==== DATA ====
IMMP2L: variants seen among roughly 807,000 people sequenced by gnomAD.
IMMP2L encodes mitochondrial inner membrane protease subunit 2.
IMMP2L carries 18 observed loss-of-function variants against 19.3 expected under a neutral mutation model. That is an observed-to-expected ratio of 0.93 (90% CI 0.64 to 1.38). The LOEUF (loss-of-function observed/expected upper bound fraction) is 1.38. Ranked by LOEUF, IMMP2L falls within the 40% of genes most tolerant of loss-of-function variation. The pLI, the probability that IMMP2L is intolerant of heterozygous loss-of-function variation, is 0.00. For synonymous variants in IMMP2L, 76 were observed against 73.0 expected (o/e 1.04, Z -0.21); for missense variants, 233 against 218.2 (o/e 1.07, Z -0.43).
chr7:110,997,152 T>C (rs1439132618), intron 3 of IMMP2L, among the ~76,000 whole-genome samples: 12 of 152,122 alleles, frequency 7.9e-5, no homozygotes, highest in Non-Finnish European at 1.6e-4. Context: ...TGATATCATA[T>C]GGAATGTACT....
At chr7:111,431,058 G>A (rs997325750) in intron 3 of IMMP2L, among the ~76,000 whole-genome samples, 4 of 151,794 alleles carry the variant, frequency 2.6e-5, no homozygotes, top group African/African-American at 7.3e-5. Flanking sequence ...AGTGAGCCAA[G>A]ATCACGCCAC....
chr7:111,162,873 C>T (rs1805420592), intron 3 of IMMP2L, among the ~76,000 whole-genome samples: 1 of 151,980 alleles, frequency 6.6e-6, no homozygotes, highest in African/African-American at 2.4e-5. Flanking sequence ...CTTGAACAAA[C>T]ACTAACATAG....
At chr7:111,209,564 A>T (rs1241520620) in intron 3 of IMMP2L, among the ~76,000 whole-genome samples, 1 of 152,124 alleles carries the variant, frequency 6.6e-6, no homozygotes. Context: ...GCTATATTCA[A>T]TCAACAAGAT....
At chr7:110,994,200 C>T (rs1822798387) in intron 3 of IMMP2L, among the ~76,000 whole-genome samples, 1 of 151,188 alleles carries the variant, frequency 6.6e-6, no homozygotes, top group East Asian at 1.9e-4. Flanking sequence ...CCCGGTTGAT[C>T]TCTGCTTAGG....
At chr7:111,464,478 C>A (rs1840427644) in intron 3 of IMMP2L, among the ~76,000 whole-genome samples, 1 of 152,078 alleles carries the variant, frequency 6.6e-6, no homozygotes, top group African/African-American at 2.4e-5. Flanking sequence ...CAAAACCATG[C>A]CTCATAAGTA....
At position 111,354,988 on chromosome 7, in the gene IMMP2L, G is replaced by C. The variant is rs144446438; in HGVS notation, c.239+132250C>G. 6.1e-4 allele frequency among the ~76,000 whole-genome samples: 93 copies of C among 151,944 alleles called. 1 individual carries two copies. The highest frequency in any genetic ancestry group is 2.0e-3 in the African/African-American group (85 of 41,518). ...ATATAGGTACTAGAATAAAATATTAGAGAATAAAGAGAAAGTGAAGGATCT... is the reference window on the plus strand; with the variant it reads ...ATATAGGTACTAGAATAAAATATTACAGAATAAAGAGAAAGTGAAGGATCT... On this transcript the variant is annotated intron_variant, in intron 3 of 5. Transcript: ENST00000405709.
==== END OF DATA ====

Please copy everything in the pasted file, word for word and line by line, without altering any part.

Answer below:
IMMP2L: variants seen among roughly 807,000 people sequenced by gnomAD.
IMMP2L encodes mitochondrial inner membrane protease subunit 2.
IMMP2L carries 18 observed loss-of-function variants against 19.3 expected under a neutral mutation model. That is an observed-to-expected ratio of 0.93 (90% CI 0.64 to 1.38). The LOEUF (loss-of-function observed/expected upper bound fraction) is 1.38. Ranked by LOEUF, IMMP2L falls within the 40% of genes most tolerant of loss-of-function variation. The pLI, the probability that IMMP2L is intolerant of heterozygous loss-of-function variation, is 0.00. For synonymous variants in IMMP2L, 76 were observed against 73.0 expected (o/e 1.04, Z -0.21); for missense variants, 233 against 218.2 (o/e 1.07, Z -0.43).
chr7:110,997,152 T>C (rs1439132618), intron 3 of IMMP2L, among the ~76,000 whole-genome samples: 12 of 152,122 alleles, frequency 7.9e-5, no homozygotes, highest in Non-Finnish European at 1.6e-4. Context: ...TGATATCATA[T>C]GGAATGTACT....
At chr7:111,431,058 G>A (rs997325750) in intron 3 of IMMP2L, among the ~76,000 whole-genome samples, 4 of 151,794 alleles carry the variant, frequency 2.6e-5, no homozygotes, top group African/African-American at 7.3e-5. Flanking sequence ...AGTGAGCCAA[G>A]ATCACGCCAC....
chr7:111,162,873 C>T (rs1805420592), intron 3 of IMMP2L, among the ~76,000 whole-genome samples: 1 of 151,980 alleles, frequency 6.6e-6, no homozygotes, highest in African/African-American at 2.4e-5. Flanking sequence ...CTTGAACAAA[C>T]ACTAACATAG....
At chr7:111,209,564 A>T (rs1241520620) in intron 3 of IMMP2L, among the ~76,000 whole-genome samples, 1 of 152,124 alleles carries the variant, frequency 6.6e-6, no homozygotes. Context: ...GCTATATTCA[A>T]TCAACAAGAT....
At chr7:110,994,200 C>T (rs1822798387) in intron 3 of IMMP2L, among the ~76,000 whole-genome samples, 1 of 151,188 alleles carries the variant, frequency 6.6e-6, no homozygotes, top group East Asian at 1.9e-4. Flanking sequence ...CCCGGTTGAT[C>T]TCTGCTTAGG....
At chr7:111,464,478 C>A (rs1840427644) in intron 3 of IMMP2L, among the ~76,000 whole-genome samples, 1 of 152,078 alleles carries the variant, frequency 6.6e-6, no homozygotes, top group African/African-American at 2.4e-5. Flanking sequence ...CAAAACCATG[C>A]CTCATAAGTA....
At position 111,354,988 on chromosome 7, in the gene IMMP2L, G is replaced by C. The variant is rs144446438; in HGVS notation, c.239+132250C>G. 6.1e-4 allele frequency among the ~76,000 whole-genome samples: 93 copies of C among 151,944 alleles called. 1 individual carries two copies. The highest frequency in any genetic ancestry group is 2.0e-3 in the African/African-American group (85 of 41,518). ...ATATAGGTACTAGAATAAAATATTAGAGAATAAAGAGAAAGTGAAGGATCT... is the reference window on the plus strand; with the variant it reads ...ATATAGGTACTAGAATAAAATATTACAGAATAAAGAGAAAGTGAAGGATCT... On this transcript the variant is annotated intron_variant, in intron 3 of 5. Transcript: ENST00000405709.